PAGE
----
Philip

  4. fromthemurkydepths October 17, 2014 / 16:51

    The whole concept of retails barns is pretty dated now and are being replaced in other parts of inner London. The Old Kent Road is one such example. It’s not hard to imagine none of this standing in 30 years. In an ideal world the area would change to retail at ground floor level and much needed housing above along a more traditional high street layout. A big job but maybe this is the site that could have begun the process. As it is, its more single storey sheds wasting precious brownfield land. The same with Sainsburys and M&S next door.

    Much housing planned for the industrial estate nearby could be built above retail areas with basement car parks. This should have happened with Sainsburys and M&S. Other nearby examples where this did happen are Tesco at Woolwich (poor building and parking moved from basement to ground floor affecting design but the concept was ok) and the big shop (B&Q?) moving into Thurston Road in Lewisham with hundreds of homes above. Also Tesco at Streatham and Welling, Asda at isle of Dogs and many more.

    Some say that may be a bit noisy for residents but nothing insulation couldn’t help, and its common all over the continent. People have also lived above shops on High Streets since the year dot. If we are to alleviate housing problems then we must stop building huge retail barns in inner London and massive tarmac car parks wasting land.

    As for what’s on offer – well it does nod to Woolwich Road and provide an active frontage in parts at least. The blank wall of the restaurant isn’t good enough though as you state.

    It’s disappointing that this, Ikea, Sainsburys and M&S all follow the same failed policies of previous decades, and the needed housing is instead being placed on industrial land that is thriving in places and is more likely to provide decent wages than retail work.

  5. Spoon Taneous October 17, 2014 / 22:27

    I think the picture of the development looks really good (compared to what the place looks like now). The pedestrian passage to Asda is disgusting, I completely agree; I recently sent a letter to the owners of the retail park so they clean it; I included some pictures, the place looks disgusting, I’m sure rats love it. I think making suggestions to improve a developments and plans is a really good idea and you can count with mu support but I don’t agree with opposing development altogether. There is always going to be something negative about new builds but we need to analyse it on balance and see if the advantages are more than the disadvantages. Investment is a good thing and will improve standards. It is important to cease the opportunity whilst it is available, it may not be there forever. Hopefully, there is going to be tons of residential dwellings built by the river side as an extension of the East Greenwich peninsula, it is all prepared to host thousands of flats by the Thames path. Pressure should be put on the council so they provide affordable housing as well.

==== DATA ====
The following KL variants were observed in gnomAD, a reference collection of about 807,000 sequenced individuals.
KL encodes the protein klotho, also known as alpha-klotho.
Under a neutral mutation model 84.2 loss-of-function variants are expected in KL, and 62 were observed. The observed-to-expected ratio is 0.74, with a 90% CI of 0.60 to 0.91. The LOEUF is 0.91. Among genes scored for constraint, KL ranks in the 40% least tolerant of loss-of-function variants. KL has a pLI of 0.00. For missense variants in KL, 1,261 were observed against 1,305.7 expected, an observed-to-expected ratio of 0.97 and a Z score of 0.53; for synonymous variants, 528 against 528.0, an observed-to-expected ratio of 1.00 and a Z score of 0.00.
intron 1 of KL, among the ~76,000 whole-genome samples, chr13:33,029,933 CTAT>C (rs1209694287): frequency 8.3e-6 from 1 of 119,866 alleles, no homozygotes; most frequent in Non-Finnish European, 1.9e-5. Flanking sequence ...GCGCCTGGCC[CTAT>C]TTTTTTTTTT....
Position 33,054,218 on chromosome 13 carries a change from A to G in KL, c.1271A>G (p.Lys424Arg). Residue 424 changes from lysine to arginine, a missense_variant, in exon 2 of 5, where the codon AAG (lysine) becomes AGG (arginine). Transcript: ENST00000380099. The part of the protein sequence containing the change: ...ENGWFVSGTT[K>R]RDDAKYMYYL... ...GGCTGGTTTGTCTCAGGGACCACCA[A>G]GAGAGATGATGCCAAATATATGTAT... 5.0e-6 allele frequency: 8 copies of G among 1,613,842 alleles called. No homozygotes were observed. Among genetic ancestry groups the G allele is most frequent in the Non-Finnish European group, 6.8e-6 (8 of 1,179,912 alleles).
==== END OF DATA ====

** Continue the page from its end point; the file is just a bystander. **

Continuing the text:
6. Chris October 18, 2014 / 18:13

    I still don’t understand how this proposal to direct Woolwich Road traffic down Bugsby’s Way is going to work. Firstly, one lane of Bugsby’s will be cluttered up with people turning left into the retail park, then there is the roundabout where there will be more congestion as people try to turn left (can’t turn left from the right hand lane) and then there will be the disaster that is the interchange underneath the Tunnel Approach.
    There will also be additional traffic going straight on from Charlton Church Lane. This is already a major cock up with queues often backing up the hill due to the daft re-timing of the lights by the station.
    And I can’t believe that someone who lives near one of the most notorious NO2 traps in the country is going to object to a building because he’s worried that smoking may occur by it.

    • Simon Hall October 19, 2014 / 21:18

      Chris – I think you have missed the point I was making, which relates to the failure of the proposals to restore a streetscape. I won’t respond to your other points, my views on air pollution are well known, and your comments on the lights on Charlton Church Lane should be addressed to the Council.

Comments are closed.